Meanwhile, the majority of participants (63%) said they were definitely applying or were likely to apply to a government scheme for help, with deferring VAT payments (54%), the job retention scheme (46%) and time-to-pay service (40%) the most common.
The study polled 90 UK data and marketing industry professionals, predominantly senior staff representing a spread of small, medium and large businesses across business-to-consumer and business-to-business sectors.
10.30am: VaynerMedia restructures
VaynerMedia has laid off some of its global workforce in a restructure that is "part of the normal course of business", the company said in a statement.
The digital media company said the lay-offs were not directly related to the coronavirus pandemic. Adweek reported that VaynerMedia shed just under 5% of its global headcount of about 900 people.
9.45am: B-Reel decides to stay open
Last week, Campaign reported in this blog that B-Reel London had become one of the first businesses to collapse because of coronavirus, after managing director John Wilson wrote on LinkedIn that the agency was closing its doors.
However, the subsequent announcement of government support for businesses and employees appears to have thrown B-Reel a lifeline.
Anders Wahlquist, co-founder and chief executive, shared the following statement: "Last week, we believed we had no alternative but to close our London office, due to a slow business period and real concern over Covid-19. It could have been too big of a risk to the other commercially functional offices to support the UK office through this very challenging time.
"However, a few days later, the possibility of receiving financial support was presented by UK authorities. After having explored these possibilities, we have decided to furlough the UK team and work to get the company back on its feet, in the interest of our employees, clients and sister companies."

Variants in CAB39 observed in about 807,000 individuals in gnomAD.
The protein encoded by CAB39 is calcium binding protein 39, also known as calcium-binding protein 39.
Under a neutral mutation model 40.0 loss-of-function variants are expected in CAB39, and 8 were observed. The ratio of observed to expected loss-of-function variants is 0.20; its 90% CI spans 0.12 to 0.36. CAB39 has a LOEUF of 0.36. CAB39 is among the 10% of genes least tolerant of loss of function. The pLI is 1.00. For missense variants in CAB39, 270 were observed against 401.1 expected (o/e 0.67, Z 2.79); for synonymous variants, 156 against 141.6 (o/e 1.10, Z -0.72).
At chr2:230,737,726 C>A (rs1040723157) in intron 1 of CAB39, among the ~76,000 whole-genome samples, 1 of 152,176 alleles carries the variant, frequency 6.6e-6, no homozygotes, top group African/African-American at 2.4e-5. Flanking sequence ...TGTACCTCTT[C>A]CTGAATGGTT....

7.30am: Daily Mirror publisher to furlough 20% of staff
Reach, one of the UK's biggest national and regional newspaper publishers, is to furlough 20% of staff under the UK government's Coronavirus Job Protection Scheme. The owner of the Daily Mirror and Manchester Evening News warned of "uncertainty around the severity and length of the crisis and the resulting impact on Reach in terms of advertising, print circulation and events".
All Reach employees will have a 10% pay reduction, while ensuring no employee falls below the Living Wage. Board directors and "some members of our most senior editorial and management team" will take a pay cut of 20%. Reach has also cancelled its planned dividend payout to shareholders.
The IPA is making all courses, qualifications and exams free until 2 October, in light of the financial, emotional and physical impact of coronavirus on agencies and their employees.
The courses are available for all IPA member agencies, their employees and individual members for six months, and any members who have already paid for these services will be reimbursed by the IPA.
"The impact of Covid-19 has meant agencies are having to make some incredibly tough decisions – whether that’s budget tightening or furloughing or redundancies," Paul Bainsfair, director-general of the IPA, said. "While investing in professional development provides long-term financial gain, contemplating any additional discretionary costs may simply not be possible for agencies or individuals at this present time.
"By making our full range of training free for our members until 2 October, we will ensure agency staff, including any furloughed individuals, have access to stimulating, relevant and purposeful materials that will contribute to their ongoing well-being in a time of mental stress. We also want to help IPA member agencies stand themselves in the best professional stead throughout the downturn and in its aftermath."